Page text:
Pop culture obsessives writing for the pop culture obsessed.
Pop culture obsessives writing for the pop culture obsessed.

Garret Dillahunt

Illustration for article titled Garret Dillahunt

The actor: Garret Dillahunt popped up in numerous bit parts and guest-star roles before his big breakthrough in David Milch’s revisionist TV Western Deadwood, where he played two different characters in two different seasons. Since Deadwood left the air, he’s landed everything from regular roles in TV shows as diverse as Terminator: The Sarah Connor Chronicles and John From Cincinnati to prominent guest-star roles on Burn Notice and Life to film parts in No Country For Old Men and Winter’s Bone. Dillahunt’s laconic demeanor means he often plays lawmen or Old West archetypes, but he’s also portrayed unrepentant serial killers, evil robots, and Jesus Christ. His latest role is much broader than what he came to be known for post-Deadwood: the enjoyably lunk-headed grandfather of the titular baby in Fox’s comedy Raising Hope. The show airs Tuesdays at 9 p.m. EST on Fox.


Raising Hope (2010-present)—“Burt Chance”
The A.V. Club: When you first heard you would be auditioning for the role of a grandfather, did you recoil at that?

Garret Dillahunt: Yeah, it was a bitter pill, when I did the math and realized I could absolutely be a grandfather, if it was the old days, and I got started back when my parents did. But we also—and I say we, meaning me and Martha [Plimpton]—we enjoyed the fact that it was a plot point that they were young grandparents. That made it easier to swallow. And it was really good. That went a long way toward easing the pain.

AVC: You’ve done a lot of roles as a regular on dramas. This is your first comedy in quite a while. Was that something you were looking for?

GD: It is something I was looking for. I’m not usually as in control of my career as I would like. I’ve always been cork-in-the-ocean-y about things. I think it’s because I’m a workaholic. I have a hard time saying no, and work comes, and I take it. Over the past five or six years, I’ve tried to have a more active hand in shaping it, and so I really try as best I can to change it up from the last thing I did. I just think that’s interesting. So I try to make each part 90 degrees from the last one as much as I can.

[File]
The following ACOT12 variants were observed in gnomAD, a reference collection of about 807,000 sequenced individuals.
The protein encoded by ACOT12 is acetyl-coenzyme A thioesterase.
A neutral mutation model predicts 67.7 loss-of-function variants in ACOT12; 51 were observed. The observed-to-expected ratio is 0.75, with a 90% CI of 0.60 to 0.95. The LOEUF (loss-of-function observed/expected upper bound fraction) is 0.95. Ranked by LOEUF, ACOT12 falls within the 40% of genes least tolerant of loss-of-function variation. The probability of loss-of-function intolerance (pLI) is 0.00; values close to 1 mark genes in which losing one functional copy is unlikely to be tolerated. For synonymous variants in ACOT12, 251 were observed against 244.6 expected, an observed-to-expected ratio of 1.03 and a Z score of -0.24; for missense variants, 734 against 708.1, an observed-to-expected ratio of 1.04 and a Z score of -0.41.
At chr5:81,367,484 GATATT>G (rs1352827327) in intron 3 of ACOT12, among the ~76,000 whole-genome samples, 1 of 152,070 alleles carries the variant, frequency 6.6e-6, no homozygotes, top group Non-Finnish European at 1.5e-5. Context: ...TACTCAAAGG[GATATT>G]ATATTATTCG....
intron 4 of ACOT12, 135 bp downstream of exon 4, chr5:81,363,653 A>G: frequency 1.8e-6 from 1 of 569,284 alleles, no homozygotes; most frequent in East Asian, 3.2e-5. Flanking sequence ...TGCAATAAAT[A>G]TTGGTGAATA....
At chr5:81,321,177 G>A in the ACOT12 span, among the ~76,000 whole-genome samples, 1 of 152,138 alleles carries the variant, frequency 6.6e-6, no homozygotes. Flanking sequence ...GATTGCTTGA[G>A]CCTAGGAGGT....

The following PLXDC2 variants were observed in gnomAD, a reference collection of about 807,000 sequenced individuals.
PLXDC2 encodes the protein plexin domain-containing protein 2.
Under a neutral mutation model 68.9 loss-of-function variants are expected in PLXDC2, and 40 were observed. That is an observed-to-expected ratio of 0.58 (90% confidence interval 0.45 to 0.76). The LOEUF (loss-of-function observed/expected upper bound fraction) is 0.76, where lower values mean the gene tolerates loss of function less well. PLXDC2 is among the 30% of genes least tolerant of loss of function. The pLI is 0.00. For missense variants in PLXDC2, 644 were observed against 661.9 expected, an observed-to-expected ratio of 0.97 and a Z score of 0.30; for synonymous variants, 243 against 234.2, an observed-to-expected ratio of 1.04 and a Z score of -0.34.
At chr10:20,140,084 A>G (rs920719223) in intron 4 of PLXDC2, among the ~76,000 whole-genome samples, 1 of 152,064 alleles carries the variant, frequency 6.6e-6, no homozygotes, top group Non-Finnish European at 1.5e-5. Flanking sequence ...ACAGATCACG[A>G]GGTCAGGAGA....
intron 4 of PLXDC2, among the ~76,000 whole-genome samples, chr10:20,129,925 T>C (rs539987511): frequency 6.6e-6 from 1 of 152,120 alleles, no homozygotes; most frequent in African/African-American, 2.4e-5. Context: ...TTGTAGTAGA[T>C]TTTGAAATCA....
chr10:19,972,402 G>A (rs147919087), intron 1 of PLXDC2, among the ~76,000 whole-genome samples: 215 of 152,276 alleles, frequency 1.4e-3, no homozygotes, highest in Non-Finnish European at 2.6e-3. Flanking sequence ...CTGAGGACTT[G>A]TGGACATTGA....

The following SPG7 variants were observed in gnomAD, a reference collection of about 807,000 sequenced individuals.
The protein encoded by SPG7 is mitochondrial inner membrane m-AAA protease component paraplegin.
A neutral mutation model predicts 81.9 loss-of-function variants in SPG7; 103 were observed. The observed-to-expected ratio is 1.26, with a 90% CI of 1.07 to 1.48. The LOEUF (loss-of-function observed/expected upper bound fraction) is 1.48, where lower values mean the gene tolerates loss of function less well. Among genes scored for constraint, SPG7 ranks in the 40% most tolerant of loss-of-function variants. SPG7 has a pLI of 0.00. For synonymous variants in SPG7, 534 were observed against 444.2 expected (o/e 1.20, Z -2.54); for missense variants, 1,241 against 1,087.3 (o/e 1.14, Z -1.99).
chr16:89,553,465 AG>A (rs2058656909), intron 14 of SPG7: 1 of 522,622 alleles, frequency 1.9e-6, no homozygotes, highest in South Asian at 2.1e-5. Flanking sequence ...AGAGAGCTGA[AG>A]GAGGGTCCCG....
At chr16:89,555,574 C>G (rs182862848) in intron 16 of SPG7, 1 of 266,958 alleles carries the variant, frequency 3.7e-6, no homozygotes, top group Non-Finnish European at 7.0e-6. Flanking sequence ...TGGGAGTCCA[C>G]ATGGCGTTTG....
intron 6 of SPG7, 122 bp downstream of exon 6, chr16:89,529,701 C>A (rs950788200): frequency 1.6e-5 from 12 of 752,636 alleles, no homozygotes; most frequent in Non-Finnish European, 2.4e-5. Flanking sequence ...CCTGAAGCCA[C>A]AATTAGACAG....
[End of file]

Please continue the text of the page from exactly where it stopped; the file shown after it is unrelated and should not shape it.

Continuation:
And I had been playing a lot of heavy things of late, which I enjoyed very much. People always forget. Memories are always short in our business. I started in comedy. The first jobs I got in television were all comedies. I think my first pilot season, I booked Maximum Bob, which was sort of an hourlong dramedy/comedy thing, but I was certainly comic relief in that, and I liked it very much. And then two other half-hour pilots that didn’t go, but I also enjoyed. It was four-camera format with the live studio audience. And then I was on A Minute With Stan Hooper with Norm MacDonald for Fox as well, which went on the same season as I did Deadwood. So I was able to do both at the same time, and I guess play three characters at once, really. It just sealed my fate, in a good way. And then it was off to the races with darker characters.

It was funny, because—I don’t know how it is in your business, if it’s the same way with the kind of things you write, and people think, “Oh, that’s what you do.” But it’s certainly that way in our business. You do one thing, and that’s what you do. I had a really hard time getting an audition for anything dramatic when I was just doing comedies. People would say, “Oh, he’s a sitcom guy.” Then you start doing other things, and they say, “Oh, he can’t do comedy. He’s the serial killer, or whatever else.” It’s just funny to me. It’s a constant proving ground, but it’s an exciting challenge as well, to change people’s perceptions of you. And it seems like something that has to be constantly done, so you might as well enjoy it.


AVC: This show has been an underdog. At the start, there were some reviews that didn’t get what it was going for, and it didn’t seem like the network necessarily knew what it was, but over time, it’s grown into something people respect and appreciate. Were you cognizant of that on set?

GD: No, I guess I haven’t noticed that. It seemed like really, it’s gotten the most positive press of any show I’ve been on, maybe since Deadwood, in its way. So thank you guys for that. There were certainly detractors, who I think are probably eating crow now. I think some of them have even come out and said “Okay, I get it.” But percentage-wise, I think it was always stacked in our favor that way, which I was pleased about and felt validated.


And the network’s always been behind us. They’ve been very supportive, which is also a cool thing to feel. I’m sure they would like a few more viewers in addition to our loyal following. As Greg [Garcia, show creator] says, “They’d like a few million more who just tolerate it.” It’s always felt like a slow grower. It seems like the kind of thing that’s going to build, and it seems like that’s what’s happening. I hope it continues to do that. I’m really proud of the show. It’s an odd thing. It’s a big change for me in the kinds of things I do. I’m really proud of this show, and I think it deserves to be seen. I hope more people tune in.

AVC: What’s coming up here in the rest of the season?

GD: There’s four left. I know that the last remaining My Name Is Earl stars are going to make an appearance, which is cool. Ethan Suplee and Jaime Pressly are coming on, playing a married couple having some problems, and Burt and Virginia sort of insinuate themselves into their lives, whether they like it or not.


The season finale, we just saw at Paleyfest, and I think it’s fantastic. It’s one of the best half-hours of television I’ve ever seen, I gotta say. I thought it was hilarious, and it was really fun to watch it with a live audience. It’s a complex episode, because there’s a lot of time-shifting, which is great, and you just get to see where we all were five years ago, and where we are now. I have a spitting contest with an alpaca, which you don’t wanna miss. Which was not fun to shoot! And you see Jimmy going through his rebellious phase. It’s really good.